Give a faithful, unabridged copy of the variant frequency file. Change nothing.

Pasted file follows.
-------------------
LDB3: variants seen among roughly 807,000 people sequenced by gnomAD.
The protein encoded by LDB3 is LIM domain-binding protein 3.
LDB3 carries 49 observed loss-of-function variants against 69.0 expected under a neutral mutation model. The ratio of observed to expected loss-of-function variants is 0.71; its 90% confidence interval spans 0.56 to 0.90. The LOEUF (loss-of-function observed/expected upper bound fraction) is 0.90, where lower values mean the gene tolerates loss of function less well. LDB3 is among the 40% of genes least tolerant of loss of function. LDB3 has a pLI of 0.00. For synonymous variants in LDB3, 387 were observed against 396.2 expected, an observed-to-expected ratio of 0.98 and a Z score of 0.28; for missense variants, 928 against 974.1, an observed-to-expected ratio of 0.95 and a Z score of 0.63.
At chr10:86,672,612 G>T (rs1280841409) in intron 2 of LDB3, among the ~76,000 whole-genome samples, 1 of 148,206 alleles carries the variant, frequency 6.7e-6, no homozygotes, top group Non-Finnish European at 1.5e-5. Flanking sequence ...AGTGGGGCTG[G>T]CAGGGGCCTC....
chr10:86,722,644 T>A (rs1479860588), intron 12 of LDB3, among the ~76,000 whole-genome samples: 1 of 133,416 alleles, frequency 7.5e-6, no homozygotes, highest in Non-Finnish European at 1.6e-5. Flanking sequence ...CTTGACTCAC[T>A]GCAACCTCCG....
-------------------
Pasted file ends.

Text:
LDB3: variants seen among roughly 807,000 people sequenced by gnomAD.
The protein encoded by LDB3 is LIM domain-binding protein 3.
LDB3 carries 49 observed loss-of-function variants against 69.0 expected under a neutral mutation model. The ratio of observed to expected loss-of-function variants is 0.71; its 90% confidence interval spans 0.56 to 0.90. The LOEUF (loss-of-function observed/expected upper bound fraction) is 0.90, where lower values mean the gene tolerates loss of function less well. LDB3 is among the 40% of genes least tolerant of loss of function. LDB3 has a pLI of 0.00. For synonymous variants in LDB3, 387 were observed against 396.2 expected, an observed-to-expected ratio of 0.98 and a Z score of 0.28; for missense variants, 928 against 974.1, an observed-to-expected ratio of 0.95 and a Z score of 0.63.
At chr10:86,672,612 G>T (rs1280841409) in intron 2 of LDB3, among the ~76,000 whole-genome samples, 1 of 148,206 alleles carries the variant, frequency 6.7e-6, no homozygotes, top group Non-Finnish European at 1.5e-5. Flanking sequence ...AGTGGGGCTG[G>T]CAGGGGCCTC....
chr10:86,722,644 T>A (rs1479860588), intron 12 of LDB3, among the ~76,000 whole-genome samples: 1 of 133,416 alleles, frequency 7.5e-6, no homozygotes, highest in Non-Finnish European at 1.6e-5. Flanking sequence ...CTTGACTCAC[T>A]GCAACCTCCG....